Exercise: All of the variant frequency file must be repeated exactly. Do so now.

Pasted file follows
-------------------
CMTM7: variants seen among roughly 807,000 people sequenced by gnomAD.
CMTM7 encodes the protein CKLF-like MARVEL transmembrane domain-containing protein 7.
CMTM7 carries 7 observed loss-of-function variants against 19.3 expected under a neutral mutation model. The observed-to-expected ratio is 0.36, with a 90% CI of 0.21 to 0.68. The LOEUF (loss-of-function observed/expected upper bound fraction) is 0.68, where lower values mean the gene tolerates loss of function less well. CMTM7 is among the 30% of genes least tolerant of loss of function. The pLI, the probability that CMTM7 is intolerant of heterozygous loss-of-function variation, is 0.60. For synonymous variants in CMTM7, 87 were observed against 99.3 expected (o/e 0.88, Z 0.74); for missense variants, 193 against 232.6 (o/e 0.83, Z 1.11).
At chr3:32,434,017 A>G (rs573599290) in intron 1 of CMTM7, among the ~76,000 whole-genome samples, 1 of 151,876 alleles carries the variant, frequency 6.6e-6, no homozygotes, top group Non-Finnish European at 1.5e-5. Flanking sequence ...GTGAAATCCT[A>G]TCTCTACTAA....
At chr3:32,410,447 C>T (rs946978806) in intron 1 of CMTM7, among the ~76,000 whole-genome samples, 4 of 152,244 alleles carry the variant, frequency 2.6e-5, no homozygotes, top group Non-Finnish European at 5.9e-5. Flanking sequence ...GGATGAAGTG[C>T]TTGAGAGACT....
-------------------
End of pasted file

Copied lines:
CMTM7: variants seen among roughly 807,000 people sequenced by gnomAD.
CMTM7 encodes the protein CKLF-like MARVEL transmembrane domain-containing protein 7.
CMTM7 carries 7 observed loss-of-function variants against 19.3 expected under a neutral mutation model. The observed-to-expected ratio is 0.36, with a 90% CI of 0.21 to 0.68. The LOEUF (loss-of-function observed/expected upper bound fraction) is 0.68, where lower values mean the gene tolerates loss of function less well. CMTM7 is among the 30% of genes least tolerant of loss of function. The pLI, the probability that CMTM7 is intolerant of heterozygous loss-of-function variation, is 0.60. For synonymous variants in CMTM7, 87 were observed against 99.3 expected (o/e 0.88, Z 0.74); for missense variants, 193 against 232.6 (o/e 0.83, Z 1.11).
At chr3:32,434,017 A>G (rs573599290) in intron 1 of CMTM7, among the ~76,000 whole-genome samples, 1 of 151,876 alleles carries the variant, frequency 6.6e-6, no homozygotes, top group Non-Finnish European at 1.5e-5. Flanking sequence ...GTGAAATCCT[A>G]TCTCTACTAA....
At chr3:32,410,447 C>T (rs946978806) in intron 1 of CMTM7, among the ~76,000 whole-genome samples, 4 of 152,244 alleles carry the variant, frequency 2.6e-5, no homozygotes, top group Non-Finnish European at 5.9e-5. Flanking sequence ...GGATGAAGTG[C>T]TTGAGAGACT....